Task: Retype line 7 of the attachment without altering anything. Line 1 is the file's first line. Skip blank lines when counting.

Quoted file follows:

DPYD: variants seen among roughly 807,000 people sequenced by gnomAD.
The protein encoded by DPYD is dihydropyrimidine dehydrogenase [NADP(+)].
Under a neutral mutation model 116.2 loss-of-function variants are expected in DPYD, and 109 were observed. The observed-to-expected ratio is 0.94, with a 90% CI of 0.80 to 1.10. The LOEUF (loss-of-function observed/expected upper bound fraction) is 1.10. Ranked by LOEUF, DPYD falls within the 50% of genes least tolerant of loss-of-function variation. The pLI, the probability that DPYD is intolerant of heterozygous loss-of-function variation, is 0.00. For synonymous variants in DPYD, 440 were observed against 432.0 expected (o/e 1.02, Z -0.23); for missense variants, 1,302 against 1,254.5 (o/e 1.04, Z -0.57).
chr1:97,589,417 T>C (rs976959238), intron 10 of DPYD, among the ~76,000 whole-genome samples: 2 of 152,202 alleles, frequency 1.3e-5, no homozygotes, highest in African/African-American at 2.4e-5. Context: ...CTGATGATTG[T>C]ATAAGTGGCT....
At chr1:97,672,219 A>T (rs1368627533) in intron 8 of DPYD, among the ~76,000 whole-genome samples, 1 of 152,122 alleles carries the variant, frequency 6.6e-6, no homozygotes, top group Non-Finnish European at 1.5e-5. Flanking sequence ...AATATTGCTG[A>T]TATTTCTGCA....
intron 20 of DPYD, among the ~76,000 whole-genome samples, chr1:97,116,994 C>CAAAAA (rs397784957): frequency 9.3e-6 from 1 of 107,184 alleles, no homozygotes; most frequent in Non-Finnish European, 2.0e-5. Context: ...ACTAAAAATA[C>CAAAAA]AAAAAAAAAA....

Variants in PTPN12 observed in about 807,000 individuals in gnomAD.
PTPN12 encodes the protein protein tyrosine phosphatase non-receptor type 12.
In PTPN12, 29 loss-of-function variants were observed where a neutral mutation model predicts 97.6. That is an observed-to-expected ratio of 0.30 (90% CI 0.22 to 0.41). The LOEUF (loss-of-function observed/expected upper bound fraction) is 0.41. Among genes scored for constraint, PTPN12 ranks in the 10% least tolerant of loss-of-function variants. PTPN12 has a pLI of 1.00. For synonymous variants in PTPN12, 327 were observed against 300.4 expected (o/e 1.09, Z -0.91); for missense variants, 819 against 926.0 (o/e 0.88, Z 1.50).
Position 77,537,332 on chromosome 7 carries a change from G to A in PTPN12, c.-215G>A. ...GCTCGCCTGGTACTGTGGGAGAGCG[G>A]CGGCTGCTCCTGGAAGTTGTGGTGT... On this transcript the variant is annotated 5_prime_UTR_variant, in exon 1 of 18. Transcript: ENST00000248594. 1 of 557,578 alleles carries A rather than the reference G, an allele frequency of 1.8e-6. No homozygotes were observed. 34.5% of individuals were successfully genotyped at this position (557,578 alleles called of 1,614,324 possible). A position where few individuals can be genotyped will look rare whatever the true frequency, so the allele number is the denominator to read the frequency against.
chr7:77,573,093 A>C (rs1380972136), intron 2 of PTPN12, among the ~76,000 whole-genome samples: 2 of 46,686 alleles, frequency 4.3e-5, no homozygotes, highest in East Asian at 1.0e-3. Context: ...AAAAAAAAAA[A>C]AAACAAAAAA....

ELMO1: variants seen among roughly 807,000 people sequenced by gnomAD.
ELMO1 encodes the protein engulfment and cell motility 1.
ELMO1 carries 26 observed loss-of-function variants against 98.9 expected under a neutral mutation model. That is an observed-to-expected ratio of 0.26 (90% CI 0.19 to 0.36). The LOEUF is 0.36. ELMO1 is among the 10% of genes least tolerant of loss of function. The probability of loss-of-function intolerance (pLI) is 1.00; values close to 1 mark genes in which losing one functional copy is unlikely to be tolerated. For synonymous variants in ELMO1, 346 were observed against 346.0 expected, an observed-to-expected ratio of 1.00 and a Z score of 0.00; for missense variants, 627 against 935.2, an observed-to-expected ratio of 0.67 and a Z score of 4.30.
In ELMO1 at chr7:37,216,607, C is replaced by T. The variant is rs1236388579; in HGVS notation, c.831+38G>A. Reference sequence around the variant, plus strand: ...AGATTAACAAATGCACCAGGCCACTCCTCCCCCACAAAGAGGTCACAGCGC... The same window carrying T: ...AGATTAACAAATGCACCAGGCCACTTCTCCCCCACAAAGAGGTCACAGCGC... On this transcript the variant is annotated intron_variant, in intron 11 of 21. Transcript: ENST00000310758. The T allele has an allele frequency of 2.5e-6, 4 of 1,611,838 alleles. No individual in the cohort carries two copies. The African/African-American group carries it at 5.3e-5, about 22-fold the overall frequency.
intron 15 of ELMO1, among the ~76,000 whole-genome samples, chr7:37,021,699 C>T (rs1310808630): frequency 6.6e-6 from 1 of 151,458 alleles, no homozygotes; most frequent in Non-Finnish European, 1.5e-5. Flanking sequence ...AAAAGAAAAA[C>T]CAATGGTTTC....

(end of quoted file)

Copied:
Variants in PTPN12 observed in about 807,000 individuals in gnomAD.